In today’s 24/7, non-stop, ‘constantly-connected’ world, it’s not surprising that many employees are easily distracted and struggle to stay focused at work. We’re all ‘guilty’ of checking our Facebook account, sending WhatsApp messages or keeping up-to-date on the latest news. To eliminate these distractions (and more) and help employees improve their time management skills, it’s important to encourage a healthy work-life balance, a supportive environment, and task-driven work.
According to the Harvard Business Review, super productive individuals share similar traits, which includes setting stretch goals, problem-solving, working well with others, and being driven to achieve results quickly (and efficiently).
So how can your employees achieve quick results? How can they actively avoid distractions and stay focused on the tasks at hand? We offer five ways to improve workplace productivity.
1. Keep track of how much time you allocate to each task
One of the best ways to determine how you’re spending your time (and to adjust what you’re spending it on) is to keep track of it.
Your employees should have a schedule that they are constantly adjusting and adding to. If one project is expected to take approximately three hours, it’s important to set aside three hours of the day to do that specific project, and at the end of the three hours, move on to something else, or take a break.
The Harvard Business Review conducted a study on entrepreneurs and found that one of the top three skills that they lacked was managing themselves and their time. This isn’t specific to just entrepreneurs. With more and more employees working from home or working flexibly on their own timeframe with their own agenda, it’s important to promote scheduling.
2. Step away from the smartphone (and social media)
Time and time again, you’re told that being active on social media is important for your business, but what does that mean for your employees?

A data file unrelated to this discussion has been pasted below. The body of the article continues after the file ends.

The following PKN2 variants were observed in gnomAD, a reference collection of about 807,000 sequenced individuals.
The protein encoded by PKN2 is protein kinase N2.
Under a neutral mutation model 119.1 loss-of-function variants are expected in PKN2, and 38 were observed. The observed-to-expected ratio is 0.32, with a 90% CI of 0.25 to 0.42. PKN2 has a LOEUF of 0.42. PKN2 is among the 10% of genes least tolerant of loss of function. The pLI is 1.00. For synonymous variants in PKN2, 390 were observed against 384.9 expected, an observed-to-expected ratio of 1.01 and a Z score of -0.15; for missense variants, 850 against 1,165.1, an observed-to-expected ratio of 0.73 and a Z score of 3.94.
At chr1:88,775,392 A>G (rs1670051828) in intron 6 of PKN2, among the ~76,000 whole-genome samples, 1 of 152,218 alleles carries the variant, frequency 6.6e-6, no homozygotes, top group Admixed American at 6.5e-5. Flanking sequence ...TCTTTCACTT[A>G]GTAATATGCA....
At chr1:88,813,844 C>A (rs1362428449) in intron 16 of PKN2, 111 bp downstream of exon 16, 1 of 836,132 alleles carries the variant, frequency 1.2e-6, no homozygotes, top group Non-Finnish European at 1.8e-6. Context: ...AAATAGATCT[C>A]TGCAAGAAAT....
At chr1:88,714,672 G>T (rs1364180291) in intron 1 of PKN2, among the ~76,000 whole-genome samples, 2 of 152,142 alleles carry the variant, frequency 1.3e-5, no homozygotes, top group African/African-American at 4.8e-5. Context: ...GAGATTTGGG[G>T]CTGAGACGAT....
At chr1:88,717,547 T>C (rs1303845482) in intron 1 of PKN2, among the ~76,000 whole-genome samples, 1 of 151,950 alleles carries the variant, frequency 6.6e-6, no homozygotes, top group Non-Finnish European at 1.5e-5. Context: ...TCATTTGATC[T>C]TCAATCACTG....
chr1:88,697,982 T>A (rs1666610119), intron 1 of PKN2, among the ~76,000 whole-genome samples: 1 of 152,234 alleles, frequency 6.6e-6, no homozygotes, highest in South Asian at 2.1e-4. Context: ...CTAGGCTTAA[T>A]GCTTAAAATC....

Of course, social media is an integral part of some jobs (marketing, social media, PR, publicity, etc.), so you should expect that some of your employees will be scrolling Facebook to figure out the latest hashtags or commenting on new Instagram posts to increase the company’s social media presence.
But for everyone else, social media can be addictive and distracting, especially at work. To prevent your employees from checking their phones every time they hear a buzz or see their screen light up, suggest a phone-free space, especially during work meetings.
The best way to be productive—and successful—is to ditch the smartphone as soon as you enter the workplace.
That could mean turning it off or stowing it in the bottom of a bag. If employees want to check their texts while waiting for their coffee to brew or while going for a walk outside, they can, but when employees are at work, they should be working, not checking their DMs or watching the latest movie trailer.
3. Task building with purpose will change the way you work
To improve time management skills, employees need to know how to manage their time and their tasks. Let’s say an employee is given fifteen tasks to be completed by the end of the day. It’s nearing five o’clock and they have only completed nine of the tasks, but the six they set aside were the most important ones.